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Too short or too long? How do you know the correct length stem for your road bike? road.cc has the answer

How do you what the correct stem length for you and your bike is?

I’m going to start by suggesting the best way to find the answer to that question is to arrange a professional bike fit with a reputable bike shop. Most shops offer bike fits of various varieties from simple to advanced, and many offer it as part of the buying process so you’re not charged loads of extra money on top of your new bike.

Stems come in many lengths from stubby to super stretched. Put simply, if you want a racy, aggressive and aerodynamic position, a longer stem will provide a more stretched out riding position. If comfort is your top priority, a shorter stem length will bring the bars closer to the saddle and put you in a more upright position, placing less strain on your back.

But the stem length needs to be considered as part of the bigger picture of the frame size, saddle height, saddle fore-aft adjustment and the shape and size of the drop handlebars. That’s where a professional bike fit is invaluable, as all those other factors will be considered.

Read more: 9 top tips for setting up your new road bike

Stem length affects handling

Changing the stem length not only impacts your fit and comfort, it affects the handling dynamics of a road bike. A shorter stem will result in snappier steering, a longer stem will produce slower steering. Adjusting the stem length can be used to tailor the handling. That’s generally why cyclocross races use a shorter stem, and long distance road cyclists opt for a longer stem.

Storck Fascenario.3 Platinum - riding 3.jpg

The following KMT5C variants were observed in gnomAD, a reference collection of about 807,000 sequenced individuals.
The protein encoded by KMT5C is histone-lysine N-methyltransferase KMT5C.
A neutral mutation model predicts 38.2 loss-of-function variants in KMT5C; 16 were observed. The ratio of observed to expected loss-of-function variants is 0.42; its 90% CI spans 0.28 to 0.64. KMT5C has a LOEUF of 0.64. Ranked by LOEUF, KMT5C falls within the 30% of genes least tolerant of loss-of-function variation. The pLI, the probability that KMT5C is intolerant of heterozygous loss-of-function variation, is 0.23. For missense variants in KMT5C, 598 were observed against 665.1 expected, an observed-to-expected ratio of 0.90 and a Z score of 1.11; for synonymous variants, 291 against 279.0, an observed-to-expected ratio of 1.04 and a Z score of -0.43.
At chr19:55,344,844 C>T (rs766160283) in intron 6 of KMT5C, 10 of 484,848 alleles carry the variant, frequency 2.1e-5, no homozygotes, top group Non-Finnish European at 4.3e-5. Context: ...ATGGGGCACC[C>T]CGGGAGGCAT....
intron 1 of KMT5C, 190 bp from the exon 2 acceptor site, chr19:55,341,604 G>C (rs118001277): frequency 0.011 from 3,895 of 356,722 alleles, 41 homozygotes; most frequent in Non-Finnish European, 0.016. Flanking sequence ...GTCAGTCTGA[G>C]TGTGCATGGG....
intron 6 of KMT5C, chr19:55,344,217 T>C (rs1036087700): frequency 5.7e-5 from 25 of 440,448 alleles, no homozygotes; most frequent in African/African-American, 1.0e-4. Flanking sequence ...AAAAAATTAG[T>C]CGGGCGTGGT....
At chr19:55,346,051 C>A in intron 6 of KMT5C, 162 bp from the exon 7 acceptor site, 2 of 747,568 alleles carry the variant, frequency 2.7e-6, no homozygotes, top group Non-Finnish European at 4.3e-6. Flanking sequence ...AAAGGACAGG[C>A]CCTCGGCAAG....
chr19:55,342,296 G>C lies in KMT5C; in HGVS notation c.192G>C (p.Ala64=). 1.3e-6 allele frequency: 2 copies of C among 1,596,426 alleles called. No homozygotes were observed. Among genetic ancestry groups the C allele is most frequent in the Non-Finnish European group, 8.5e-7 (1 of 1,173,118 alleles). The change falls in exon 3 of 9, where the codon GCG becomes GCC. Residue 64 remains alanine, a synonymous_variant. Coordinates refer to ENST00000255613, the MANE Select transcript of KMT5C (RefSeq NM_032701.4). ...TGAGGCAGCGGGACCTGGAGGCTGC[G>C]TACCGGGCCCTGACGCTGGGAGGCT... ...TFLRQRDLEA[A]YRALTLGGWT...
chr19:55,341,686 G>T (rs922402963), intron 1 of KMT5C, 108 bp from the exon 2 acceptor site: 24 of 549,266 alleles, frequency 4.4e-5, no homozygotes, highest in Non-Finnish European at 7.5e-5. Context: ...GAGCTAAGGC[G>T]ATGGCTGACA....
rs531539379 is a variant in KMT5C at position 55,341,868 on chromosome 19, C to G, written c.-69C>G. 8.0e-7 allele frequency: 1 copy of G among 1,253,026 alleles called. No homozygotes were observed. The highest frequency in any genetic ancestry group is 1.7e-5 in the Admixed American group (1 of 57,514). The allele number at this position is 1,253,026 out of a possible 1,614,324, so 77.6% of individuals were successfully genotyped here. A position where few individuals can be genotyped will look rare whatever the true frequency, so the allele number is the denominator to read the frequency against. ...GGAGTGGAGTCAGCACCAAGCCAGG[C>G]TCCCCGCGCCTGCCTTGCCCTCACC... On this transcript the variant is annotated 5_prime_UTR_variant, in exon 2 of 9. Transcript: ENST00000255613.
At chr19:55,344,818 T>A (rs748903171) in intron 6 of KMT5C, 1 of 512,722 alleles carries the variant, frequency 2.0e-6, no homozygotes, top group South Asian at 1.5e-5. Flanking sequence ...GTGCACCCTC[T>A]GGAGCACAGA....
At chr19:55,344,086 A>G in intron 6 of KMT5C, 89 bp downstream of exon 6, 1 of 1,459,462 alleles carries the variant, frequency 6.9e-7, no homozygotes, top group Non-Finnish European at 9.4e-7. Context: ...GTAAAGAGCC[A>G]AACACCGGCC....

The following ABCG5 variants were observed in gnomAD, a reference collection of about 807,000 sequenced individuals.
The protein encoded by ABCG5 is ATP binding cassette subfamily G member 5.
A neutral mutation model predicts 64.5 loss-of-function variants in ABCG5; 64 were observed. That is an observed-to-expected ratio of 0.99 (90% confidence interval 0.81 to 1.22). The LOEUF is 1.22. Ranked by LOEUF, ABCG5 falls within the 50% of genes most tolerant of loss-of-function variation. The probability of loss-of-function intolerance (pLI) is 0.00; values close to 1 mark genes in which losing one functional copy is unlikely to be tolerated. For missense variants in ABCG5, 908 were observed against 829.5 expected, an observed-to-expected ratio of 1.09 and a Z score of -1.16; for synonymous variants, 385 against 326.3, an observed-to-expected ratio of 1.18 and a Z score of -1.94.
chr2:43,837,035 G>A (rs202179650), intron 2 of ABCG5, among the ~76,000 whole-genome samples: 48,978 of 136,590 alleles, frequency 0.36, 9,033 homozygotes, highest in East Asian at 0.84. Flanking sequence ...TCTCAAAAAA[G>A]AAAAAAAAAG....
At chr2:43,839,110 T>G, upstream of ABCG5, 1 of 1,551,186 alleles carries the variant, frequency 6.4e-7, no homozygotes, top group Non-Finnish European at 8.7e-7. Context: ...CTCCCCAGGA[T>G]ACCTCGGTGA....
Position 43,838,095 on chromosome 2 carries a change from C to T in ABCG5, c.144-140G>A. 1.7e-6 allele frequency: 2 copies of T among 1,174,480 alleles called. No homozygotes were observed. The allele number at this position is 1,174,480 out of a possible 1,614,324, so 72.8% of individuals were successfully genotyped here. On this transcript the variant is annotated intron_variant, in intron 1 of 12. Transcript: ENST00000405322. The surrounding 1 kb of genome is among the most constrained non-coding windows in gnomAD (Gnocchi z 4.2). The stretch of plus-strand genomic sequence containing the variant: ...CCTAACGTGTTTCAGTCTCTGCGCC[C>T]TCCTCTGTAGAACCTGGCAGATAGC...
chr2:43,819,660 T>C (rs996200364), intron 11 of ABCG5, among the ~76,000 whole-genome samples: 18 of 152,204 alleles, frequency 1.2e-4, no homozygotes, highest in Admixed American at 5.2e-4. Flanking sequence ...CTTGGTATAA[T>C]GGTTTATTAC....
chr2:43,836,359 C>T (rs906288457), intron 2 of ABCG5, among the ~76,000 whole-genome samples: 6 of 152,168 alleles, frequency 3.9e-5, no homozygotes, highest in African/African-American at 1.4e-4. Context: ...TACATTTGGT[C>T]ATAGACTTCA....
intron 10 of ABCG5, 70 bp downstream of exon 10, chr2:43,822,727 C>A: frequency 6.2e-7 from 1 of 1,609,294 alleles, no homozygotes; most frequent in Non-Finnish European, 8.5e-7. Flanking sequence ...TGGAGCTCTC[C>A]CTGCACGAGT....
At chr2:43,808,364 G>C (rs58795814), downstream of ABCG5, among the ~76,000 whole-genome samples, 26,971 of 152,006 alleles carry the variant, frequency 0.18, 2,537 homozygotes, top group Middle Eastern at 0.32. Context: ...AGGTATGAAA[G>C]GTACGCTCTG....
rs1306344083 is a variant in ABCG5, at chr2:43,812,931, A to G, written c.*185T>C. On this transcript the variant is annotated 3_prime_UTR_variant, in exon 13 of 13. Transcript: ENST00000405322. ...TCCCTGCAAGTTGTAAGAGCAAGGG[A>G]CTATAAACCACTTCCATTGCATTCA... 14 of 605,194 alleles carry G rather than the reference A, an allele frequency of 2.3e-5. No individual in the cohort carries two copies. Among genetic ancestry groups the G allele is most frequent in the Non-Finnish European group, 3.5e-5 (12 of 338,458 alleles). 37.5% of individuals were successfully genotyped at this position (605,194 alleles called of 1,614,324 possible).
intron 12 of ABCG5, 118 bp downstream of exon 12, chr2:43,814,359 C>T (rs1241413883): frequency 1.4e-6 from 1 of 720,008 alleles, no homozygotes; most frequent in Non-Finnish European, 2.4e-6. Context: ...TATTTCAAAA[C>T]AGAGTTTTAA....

Storck Fascenario.3 Platinum - riding 3.jpg

Correct reach

Stem length alters the reach to the handlebars. Reach is a measurement from the centre of the head tube to an imaginary vertical line drawn through the bottom bracket. All new bikes are supplied with reach (and stack) measurements which aid in purchasing a new bike. A longer stem doesn't change this reach, but it does change the effective reach of the bike, and it's worth taking into account.

If you’ve been riding your bike for some time though and you’re happy with the general fit, a good indication of whether the stem length on your bike is correct is simply to go on how you feel. Do you feel too stretched and reaching the hoods strains your back? Or do you feel cramped? Pain in the neck, shoulders and lower back can be clear indicators that you might be better off with a longer or shorter stem.

- 9 ways to make your bike more comfortable

Optimum position

What you’re aiming for is a position that ensures you have a slight bend in the elbows to allow your arms to bend easily as the front wheel tracks the road surface. You don’t want your arms locked out straight, that’s a sign of a stem that is too long. It’s tricky to assess yourself when riding though - riding past shop windows is a good tip, but even better is, as I’ve mentioned before, getting a professional bike fit.

One good rule of thumb for choosing the correct length stem (and it works for the road.cc team) is to sit on the bike with your hands on the top of the hoods and look down at the front hub. If the stem length is correct, the handlebars should completely hide the front hub. If you can see the hub in front of the handlebar, the stem is too short.

Experiment with stem length